same disparities lead him to question the conceptualization of policy. Roth argues that this conceptualization is based on the elitist and political bias of social scientists and that these disparities are "real." Jones argues that the expressions of prejudice have changed over time. From the research literature, he identifies three forms of expression--symbolic racism, modern racism, and aversive racism.
Symbolic racism is based on prejudice where the content of the attitude is the conjunction of (1) inappropriate beliefs and demands by blacks regarding civil rights and (2) the belief that discrimination has already been neutralized. Continuing black demands for government assistance are, therefore, seen as violating traditional norms of achievement and merit. Government policies such as court- ordered school busing and affirmative action are viewed as unnecessary and violating white civil rights. Modern racists, according to Jones, hold similar views regarding discrimination and the violation of norms. Both symbolic racists and modern racists believe that they are not prejudiced and that their beliefs are realistically grounded. The differences between the two conceptualizations are slight and are matters of emphasis. The modern racist tends to respond to the target of prejudice directly, in a more stereotyped manner and with a strong emotional loading. Symbolic racists tend to respond indirectly to the target of prejudice by focusing on social policies that affect group relations (busing, school desegregation, affirmative action). Aversive racists, in contrast, express their attitudes toward blacks in emotional responses--discomfort, disgust, fear, and so on. Like the others, aversive racists do not view themselves as being prejudiced.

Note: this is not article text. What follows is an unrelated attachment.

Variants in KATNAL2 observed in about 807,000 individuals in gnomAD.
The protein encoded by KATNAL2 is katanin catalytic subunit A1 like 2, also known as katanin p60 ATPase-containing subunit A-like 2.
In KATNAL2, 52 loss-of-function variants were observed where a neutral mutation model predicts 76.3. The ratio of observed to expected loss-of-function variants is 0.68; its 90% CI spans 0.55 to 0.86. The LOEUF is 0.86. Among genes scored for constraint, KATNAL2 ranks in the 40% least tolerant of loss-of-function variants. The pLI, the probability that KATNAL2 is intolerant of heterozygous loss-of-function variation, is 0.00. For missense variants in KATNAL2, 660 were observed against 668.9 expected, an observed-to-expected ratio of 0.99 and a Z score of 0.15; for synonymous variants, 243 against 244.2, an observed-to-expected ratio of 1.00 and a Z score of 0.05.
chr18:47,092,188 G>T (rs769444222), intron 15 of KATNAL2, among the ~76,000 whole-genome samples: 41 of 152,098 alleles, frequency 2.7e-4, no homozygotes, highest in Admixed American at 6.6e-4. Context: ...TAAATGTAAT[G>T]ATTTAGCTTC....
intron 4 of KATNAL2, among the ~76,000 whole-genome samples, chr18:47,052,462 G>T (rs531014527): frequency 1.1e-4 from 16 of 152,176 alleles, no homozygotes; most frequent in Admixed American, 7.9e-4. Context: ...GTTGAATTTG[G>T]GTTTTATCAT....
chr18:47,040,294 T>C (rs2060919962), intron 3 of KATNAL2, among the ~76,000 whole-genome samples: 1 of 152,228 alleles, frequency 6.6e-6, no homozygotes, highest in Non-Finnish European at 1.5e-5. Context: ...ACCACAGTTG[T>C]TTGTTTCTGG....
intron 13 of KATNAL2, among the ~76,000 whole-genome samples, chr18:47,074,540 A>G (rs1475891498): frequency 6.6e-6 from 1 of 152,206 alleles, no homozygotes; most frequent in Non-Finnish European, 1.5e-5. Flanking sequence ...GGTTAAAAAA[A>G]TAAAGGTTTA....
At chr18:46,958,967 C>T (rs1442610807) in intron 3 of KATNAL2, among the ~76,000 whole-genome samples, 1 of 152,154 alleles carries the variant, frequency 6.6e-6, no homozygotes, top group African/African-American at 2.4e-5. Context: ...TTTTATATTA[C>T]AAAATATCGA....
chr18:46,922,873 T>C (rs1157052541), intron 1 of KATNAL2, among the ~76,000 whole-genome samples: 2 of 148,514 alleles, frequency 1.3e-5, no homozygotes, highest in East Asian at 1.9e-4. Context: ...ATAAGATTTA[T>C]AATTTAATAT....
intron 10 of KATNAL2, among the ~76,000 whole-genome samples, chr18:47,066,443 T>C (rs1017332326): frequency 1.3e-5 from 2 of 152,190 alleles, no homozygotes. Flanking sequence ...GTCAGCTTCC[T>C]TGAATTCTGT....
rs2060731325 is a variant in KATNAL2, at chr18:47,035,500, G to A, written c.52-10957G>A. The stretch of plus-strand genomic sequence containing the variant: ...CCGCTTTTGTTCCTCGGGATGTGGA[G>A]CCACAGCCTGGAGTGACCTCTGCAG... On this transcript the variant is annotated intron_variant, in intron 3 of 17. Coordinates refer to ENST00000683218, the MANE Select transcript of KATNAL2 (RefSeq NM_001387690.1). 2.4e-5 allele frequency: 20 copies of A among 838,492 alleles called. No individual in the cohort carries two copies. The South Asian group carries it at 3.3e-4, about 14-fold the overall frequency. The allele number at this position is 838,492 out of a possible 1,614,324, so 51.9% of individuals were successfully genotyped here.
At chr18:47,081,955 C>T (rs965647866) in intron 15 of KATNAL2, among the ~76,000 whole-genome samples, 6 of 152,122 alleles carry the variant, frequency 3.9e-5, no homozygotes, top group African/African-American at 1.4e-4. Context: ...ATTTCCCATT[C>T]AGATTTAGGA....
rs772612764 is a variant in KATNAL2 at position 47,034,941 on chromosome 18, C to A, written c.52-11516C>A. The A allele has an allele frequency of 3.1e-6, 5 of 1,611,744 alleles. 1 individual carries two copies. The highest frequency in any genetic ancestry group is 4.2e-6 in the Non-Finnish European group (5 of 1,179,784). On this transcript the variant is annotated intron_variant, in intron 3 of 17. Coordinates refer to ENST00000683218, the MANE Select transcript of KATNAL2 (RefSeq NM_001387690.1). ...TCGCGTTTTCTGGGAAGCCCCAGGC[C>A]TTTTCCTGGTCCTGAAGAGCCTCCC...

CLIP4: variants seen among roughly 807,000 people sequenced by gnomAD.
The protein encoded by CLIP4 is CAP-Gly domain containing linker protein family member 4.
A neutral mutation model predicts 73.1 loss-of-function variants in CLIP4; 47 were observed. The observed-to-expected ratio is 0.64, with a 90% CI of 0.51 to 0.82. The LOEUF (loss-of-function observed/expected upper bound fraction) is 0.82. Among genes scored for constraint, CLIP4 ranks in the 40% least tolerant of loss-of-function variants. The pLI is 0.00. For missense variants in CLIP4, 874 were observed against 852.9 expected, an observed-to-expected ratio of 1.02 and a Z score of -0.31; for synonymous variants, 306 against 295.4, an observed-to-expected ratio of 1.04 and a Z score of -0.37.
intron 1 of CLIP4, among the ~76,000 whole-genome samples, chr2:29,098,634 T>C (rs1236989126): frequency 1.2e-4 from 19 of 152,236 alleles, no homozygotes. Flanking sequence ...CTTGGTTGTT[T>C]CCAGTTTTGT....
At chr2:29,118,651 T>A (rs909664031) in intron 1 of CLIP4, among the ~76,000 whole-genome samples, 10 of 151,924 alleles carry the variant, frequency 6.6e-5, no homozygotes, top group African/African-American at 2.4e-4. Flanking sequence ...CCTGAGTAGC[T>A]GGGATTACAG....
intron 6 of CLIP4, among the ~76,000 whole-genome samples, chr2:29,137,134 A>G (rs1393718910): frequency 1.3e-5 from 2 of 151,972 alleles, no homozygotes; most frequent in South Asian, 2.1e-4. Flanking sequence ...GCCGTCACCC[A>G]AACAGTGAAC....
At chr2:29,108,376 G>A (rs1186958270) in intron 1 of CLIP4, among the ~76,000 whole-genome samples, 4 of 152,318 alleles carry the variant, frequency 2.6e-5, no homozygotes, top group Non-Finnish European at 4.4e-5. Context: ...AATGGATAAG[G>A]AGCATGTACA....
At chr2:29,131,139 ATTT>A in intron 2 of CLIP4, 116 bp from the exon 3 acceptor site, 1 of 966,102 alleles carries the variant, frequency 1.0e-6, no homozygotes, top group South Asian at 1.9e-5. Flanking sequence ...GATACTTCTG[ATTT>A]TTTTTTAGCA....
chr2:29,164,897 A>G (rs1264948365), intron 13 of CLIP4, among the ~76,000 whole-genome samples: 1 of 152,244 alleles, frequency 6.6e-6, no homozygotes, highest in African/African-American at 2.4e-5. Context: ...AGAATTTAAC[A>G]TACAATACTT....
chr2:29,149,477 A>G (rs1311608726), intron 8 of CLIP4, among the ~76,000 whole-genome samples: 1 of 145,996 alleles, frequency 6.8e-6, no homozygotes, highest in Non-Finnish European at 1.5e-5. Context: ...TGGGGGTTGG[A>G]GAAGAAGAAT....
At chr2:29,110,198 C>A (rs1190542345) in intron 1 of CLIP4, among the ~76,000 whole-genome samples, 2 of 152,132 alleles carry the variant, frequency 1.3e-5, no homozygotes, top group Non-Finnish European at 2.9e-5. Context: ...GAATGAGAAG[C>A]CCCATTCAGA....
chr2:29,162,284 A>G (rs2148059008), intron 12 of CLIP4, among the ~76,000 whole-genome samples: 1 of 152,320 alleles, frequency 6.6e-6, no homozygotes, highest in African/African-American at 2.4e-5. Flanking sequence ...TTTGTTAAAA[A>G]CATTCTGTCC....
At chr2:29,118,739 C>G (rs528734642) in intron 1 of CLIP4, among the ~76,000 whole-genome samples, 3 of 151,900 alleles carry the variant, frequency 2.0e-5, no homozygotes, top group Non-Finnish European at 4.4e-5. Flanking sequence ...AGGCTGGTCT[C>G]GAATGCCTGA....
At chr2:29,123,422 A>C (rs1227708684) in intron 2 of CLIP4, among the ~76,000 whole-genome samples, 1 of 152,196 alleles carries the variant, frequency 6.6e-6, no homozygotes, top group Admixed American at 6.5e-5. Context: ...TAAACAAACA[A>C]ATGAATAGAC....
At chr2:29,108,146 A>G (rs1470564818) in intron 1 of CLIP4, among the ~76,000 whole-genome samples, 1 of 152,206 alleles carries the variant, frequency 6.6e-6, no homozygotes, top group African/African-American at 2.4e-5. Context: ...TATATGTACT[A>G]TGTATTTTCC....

The divergences of Roth and Jones illustrate three facets of the complexity of the study of prejudice. The first is how the changing relations between groups is reflected in the changes in the content of attitudes. The second is how these changing attitudes can be differently interpreted by scientists of differing political perspectives. Finally, both authors introduce the reader to the differences in the perceptions of blacks and whites. These differences are reflected in many of the selections in Part Three.
Ehrlich, Howard J. ( 1973) The Social Psychology of Prejudice. New York: Wiley.